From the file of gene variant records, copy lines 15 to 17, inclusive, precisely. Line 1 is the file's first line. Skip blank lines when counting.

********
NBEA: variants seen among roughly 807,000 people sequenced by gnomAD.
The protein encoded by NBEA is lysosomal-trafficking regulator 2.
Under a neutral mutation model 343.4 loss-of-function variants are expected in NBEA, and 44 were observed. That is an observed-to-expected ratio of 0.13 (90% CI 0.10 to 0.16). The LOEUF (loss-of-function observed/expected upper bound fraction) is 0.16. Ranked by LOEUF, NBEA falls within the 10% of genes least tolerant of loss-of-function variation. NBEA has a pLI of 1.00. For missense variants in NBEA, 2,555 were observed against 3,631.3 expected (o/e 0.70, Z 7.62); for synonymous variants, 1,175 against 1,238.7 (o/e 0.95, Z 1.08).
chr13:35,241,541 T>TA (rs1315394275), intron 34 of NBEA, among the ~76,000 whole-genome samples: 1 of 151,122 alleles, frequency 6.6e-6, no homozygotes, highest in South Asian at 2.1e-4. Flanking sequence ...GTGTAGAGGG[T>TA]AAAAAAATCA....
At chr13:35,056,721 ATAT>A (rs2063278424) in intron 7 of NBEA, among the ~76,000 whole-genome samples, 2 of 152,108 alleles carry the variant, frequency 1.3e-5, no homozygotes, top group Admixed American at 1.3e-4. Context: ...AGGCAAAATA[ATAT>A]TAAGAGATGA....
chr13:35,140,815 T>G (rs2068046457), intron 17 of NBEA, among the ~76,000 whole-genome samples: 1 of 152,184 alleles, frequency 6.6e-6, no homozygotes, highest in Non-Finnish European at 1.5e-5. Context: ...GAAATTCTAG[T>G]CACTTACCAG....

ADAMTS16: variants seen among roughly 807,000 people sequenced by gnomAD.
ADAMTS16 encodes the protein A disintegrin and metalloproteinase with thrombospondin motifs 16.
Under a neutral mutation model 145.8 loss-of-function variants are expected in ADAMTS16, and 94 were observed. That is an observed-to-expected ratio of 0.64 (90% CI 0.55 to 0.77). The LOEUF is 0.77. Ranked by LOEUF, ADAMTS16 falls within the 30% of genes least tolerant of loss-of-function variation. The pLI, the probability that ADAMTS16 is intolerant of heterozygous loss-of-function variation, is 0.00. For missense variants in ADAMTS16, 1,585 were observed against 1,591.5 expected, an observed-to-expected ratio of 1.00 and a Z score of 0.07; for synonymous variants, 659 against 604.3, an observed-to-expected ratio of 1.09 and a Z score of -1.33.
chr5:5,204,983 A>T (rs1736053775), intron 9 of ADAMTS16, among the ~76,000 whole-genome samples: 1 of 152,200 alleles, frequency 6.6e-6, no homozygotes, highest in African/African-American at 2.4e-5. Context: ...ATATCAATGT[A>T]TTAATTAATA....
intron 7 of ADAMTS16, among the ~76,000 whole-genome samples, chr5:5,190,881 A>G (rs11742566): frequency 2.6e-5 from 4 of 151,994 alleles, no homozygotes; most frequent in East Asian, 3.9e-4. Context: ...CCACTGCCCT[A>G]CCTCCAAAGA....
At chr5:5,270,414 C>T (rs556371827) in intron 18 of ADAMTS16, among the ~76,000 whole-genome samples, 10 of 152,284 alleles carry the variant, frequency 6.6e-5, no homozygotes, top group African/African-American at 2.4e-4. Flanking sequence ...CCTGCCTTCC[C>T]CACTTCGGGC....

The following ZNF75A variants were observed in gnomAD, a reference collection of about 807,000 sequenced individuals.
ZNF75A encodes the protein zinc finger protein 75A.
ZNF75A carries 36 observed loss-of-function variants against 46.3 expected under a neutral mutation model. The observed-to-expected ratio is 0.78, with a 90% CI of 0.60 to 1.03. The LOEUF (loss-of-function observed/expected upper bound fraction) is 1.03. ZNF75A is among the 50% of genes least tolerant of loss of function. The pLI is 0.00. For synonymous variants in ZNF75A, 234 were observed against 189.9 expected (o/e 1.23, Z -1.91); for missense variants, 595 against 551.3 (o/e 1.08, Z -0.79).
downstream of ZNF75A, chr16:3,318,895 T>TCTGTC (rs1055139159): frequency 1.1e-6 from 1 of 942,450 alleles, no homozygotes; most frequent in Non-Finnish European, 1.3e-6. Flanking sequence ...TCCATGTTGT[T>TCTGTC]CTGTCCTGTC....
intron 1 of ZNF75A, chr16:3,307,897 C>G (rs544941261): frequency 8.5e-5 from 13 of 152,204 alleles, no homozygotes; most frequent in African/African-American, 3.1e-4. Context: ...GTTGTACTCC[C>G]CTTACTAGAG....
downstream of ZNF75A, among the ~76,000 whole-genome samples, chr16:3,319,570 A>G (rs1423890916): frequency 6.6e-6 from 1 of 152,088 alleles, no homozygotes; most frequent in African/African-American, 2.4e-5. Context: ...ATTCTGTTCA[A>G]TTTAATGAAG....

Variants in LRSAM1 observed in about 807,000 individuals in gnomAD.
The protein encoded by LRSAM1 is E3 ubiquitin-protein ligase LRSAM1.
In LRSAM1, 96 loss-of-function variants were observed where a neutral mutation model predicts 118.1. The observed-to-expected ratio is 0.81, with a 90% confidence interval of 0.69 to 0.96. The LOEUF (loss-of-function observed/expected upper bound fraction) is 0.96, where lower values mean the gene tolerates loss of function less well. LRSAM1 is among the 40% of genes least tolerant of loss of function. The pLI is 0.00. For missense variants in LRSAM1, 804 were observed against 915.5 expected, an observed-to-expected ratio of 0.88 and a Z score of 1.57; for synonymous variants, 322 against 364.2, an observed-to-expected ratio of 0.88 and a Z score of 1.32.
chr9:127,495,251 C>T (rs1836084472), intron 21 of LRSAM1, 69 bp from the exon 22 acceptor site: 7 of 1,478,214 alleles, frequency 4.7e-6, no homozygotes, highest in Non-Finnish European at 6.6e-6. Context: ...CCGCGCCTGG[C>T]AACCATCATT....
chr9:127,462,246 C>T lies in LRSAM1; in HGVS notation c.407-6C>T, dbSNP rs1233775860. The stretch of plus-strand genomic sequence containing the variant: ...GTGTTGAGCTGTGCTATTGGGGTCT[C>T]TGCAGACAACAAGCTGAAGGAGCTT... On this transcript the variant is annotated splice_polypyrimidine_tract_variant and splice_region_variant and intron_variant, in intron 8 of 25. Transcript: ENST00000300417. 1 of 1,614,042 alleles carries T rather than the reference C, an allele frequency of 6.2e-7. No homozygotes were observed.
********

ZNF75A carries 36 observed loss-of-function variants against 46.3 expected under a neutral mutation model. The observed-to-expected ratio is 0.78, with a 90% CI of 0.60 to 1.03. The LOEUF (loss-of-function observed/expected upper bound fraction) is 1.03. ZNF75A is among the 50% of genes least tolerant of loss of function. The pLI is 0.00. For synonymous variants in ZNF75A, 234 were observed against 189.9 expected (o/e 1.23, Z -1.91); for missense variants, 595 against 551.3 (o/e 1.08, Z -0.79).
downstream of ZNF75A, chr16:3,318,895 T>TCTGTC (rs1055139159): frequency 1.1e-6 from 1 of 942,450 alleles, no homozygotes; most frequent in Non-Finnish European, 1.3e-6. Flanking sequence ...TCCATGTTGT[T>TCTGTC]CTGTCCTGTC....
intron 1 of ZNF75A, chr16:3,307,897 C>G (rs544941261): frequency 8.5e-5 from 13 of 152,204 alleles, no homozygotes; most frequent in African/African-American, 3.1e-4. Context: ...GTTGTACTCC[C>G]CTTACTAGAG....